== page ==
And the project for my 1880’s Bustle Hat class that I’m making completely by hand with the goal of wearing next weekend needs attention. The tip and crown are wired, the brim is next. After the buckram frame is together it needs the mull, then the fabric, then the trim. And I’ve never made a hat from scratch before, so I’m not rushing it. At least, trying not to.

I took a break and played with my Pinterst boards, only to get confused by how to tell a Victorian house dress from a tea gown when they look the same to me: one piece, front button, princess seams, Watteau back, embroidery work, lacy bits – how does one tell, or are the people who post them confused, or are they really one and the same, or…

My mind is spinning as if I had one foot nailed to the floor so I can only run in circles.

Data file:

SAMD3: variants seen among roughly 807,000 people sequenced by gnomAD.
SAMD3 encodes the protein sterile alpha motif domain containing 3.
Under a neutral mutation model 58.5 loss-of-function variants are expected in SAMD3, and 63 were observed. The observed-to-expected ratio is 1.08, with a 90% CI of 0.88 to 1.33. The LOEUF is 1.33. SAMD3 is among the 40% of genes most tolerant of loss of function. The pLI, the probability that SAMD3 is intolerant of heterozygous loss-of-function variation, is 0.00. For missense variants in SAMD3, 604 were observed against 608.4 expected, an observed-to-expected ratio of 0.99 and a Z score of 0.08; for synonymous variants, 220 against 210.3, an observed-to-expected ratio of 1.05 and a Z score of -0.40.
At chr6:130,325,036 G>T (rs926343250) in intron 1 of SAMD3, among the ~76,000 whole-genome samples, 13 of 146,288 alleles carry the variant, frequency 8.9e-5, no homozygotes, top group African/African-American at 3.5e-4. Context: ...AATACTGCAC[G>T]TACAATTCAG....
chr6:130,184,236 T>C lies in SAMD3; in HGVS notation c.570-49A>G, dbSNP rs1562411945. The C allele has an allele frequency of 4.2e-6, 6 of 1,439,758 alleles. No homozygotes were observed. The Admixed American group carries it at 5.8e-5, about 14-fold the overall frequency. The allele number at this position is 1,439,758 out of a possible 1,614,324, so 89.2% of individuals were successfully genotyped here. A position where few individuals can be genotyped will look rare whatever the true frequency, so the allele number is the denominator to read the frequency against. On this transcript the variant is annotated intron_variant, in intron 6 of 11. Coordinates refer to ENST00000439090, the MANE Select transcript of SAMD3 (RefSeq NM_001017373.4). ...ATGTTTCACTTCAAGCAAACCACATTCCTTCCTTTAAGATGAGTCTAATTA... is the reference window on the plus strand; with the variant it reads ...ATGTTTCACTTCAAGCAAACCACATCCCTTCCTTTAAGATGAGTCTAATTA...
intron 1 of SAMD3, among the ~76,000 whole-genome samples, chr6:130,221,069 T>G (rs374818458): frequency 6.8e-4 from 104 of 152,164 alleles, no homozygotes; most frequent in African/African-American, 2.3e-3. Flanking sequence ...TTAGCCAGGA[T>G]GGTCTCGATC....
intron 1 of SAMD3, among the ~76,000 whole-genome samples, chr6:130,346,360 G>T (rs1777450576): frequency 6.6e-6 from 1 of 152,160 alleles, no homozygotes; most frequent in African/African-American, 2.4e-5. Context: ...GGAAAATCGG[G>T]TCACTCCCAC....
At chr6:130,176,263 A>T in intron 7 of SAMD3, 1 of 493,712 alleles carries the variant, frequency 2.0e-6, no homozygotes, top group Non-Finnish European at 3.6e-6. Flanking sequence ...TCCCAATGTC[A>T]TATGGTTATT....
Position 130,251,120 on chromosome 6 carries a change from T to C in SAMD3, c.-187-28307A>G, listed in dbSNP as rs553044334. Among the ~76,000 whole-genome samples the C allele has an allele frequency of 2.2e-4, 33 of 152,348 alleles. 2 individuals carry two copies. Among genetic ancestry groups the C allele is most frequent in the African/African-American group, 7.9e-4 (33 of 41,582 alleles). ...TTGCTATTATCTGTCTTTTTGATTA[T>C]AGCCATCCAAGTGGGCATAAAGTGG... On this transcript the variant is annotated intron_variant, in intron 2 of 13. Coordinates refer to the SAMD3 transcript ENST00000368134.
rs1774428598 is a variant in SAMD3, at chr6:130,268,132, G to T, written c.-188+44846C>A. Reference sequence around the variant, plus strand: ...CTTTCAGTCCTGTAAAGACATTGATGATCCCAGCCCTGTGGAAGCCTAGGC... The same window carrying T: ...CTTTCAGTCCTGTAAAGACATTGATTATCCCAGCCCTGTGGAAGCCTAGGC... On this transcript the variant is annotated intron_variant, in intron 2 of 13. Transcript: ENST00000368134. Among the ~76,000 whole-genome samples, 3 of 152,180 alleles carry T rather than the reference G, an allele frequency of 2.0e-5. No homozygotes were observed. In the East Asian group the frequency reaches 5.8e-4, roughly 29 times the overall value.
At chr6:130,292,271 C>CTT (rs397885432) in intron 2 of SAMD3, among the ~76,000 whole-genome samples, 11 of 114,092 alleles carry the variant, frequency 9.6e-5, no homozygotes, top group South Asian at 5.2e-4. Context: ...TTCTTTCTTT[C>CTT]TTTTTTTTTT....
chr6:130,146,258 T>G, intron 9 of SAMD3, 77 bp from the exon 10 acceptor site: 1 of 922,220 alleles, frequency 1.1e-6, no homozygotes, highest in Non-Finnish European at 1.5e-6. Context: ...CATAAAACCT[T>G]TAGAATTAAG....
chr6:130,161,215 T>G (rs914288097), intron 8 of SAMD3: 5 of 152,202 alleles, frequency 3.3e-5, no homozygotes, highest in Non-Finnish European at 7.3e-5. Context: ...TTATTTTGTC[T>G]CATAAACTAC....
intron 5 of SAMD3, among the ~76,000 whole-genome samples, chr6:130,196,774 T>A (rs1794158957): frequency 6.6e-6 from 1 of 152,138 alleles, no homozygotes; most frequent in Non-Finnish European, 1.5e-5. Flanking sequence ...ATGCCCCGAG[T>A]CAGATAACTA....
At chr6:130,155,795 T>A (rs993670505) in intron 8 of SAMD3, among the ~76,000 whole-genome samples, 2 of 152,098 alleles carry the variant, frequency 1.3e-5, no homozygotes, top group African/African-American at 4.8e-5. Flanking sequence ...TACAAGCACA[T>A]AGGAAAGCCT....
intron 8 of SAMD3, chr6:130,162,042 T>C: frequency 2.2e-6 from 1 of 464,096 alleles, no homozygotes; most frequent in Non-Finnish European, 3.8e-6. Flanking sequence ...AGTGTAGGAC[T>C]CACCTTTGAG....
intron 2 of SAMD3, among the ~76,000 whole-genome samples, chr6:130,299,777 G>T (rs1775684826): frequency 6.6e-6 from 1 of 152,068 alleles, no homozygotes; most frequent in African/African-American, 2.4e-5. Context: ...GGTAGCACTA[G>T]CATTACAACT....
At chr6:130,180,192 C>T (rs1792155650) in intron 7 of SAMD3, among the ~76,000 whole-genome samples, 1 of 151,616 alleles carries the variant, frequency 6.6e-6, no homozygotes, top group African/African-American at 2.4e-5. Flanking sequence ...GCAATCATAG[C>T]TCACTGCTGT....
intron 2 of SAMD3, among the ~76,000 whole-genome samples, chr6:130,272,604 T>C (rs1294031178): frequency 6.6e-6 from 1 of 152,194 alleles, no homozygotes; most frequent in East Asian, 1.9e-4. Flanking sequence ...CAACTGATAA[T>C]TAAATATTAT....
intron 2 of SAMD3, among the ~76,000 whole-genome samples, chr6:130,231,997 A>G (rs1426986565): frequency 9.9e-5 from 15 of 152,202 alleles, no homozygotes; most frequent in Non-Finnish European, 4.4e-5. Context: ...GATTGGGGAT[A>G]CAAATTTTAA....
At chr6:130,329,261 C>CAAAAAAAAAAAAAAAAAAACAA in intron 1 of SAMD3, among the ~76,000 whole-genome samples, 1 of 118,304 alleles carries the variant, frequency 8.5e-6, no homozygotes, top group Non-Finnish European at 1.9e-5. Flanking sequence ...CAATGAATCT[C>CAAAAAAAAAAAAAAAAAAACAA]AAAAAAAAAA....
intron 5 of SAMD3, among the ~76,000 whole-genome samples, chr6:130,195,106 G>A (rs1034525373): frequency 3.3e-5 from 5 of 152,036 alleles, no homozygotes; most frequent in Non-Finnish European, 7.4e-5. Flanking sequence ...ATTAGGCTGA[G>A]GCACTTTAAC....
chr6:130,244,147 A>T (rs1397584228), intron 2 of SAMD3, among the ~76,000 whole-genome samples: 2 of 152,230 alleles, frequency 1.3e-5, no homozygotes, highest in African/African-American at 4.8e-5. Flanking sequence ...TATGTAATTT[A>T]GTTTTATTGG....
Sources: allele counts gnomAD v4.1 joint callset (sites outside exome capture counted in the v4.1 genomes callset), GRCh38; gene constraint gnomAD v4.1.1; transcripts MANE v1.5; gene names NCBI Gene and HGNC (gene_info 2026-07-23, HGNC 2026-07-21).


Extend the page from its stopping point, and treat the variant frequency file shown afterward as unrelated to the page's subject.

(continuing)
In the past, I’d just push through and force myself to do something – anything – towards getting these projects done. But I have learned two very important things.

First, when my mind is this jumbled, forcing myself to keep going only creates more problems than it solves. And fixing those problems will take twice as long as it took to create them, if not more. (I can be extremely creative when it comes to “alternative” ways to mess things up.)

Second, I’m a bit slower than I used to be and, when coupled with learning how to make clothing that I’ve never tackled before, I need more time than I’m giving myself to get these projects done. My allotted time frame needs a serious reality check.

So for the rest of the day, unless inspiration strikes earlier, I am going to back off the gas. Lunch is way past due, so that’s next. Then maybe I’ll knit a bit or read or even take a nap. And, while I’m calmly sewing the wire to the buckram for the brim of my hat, the rest of this jumble will be percolating away in the back of my mind, sorting itself out, and I’ll then be ready to pick up the scissors again and sally forth.

At least I bloody hope so.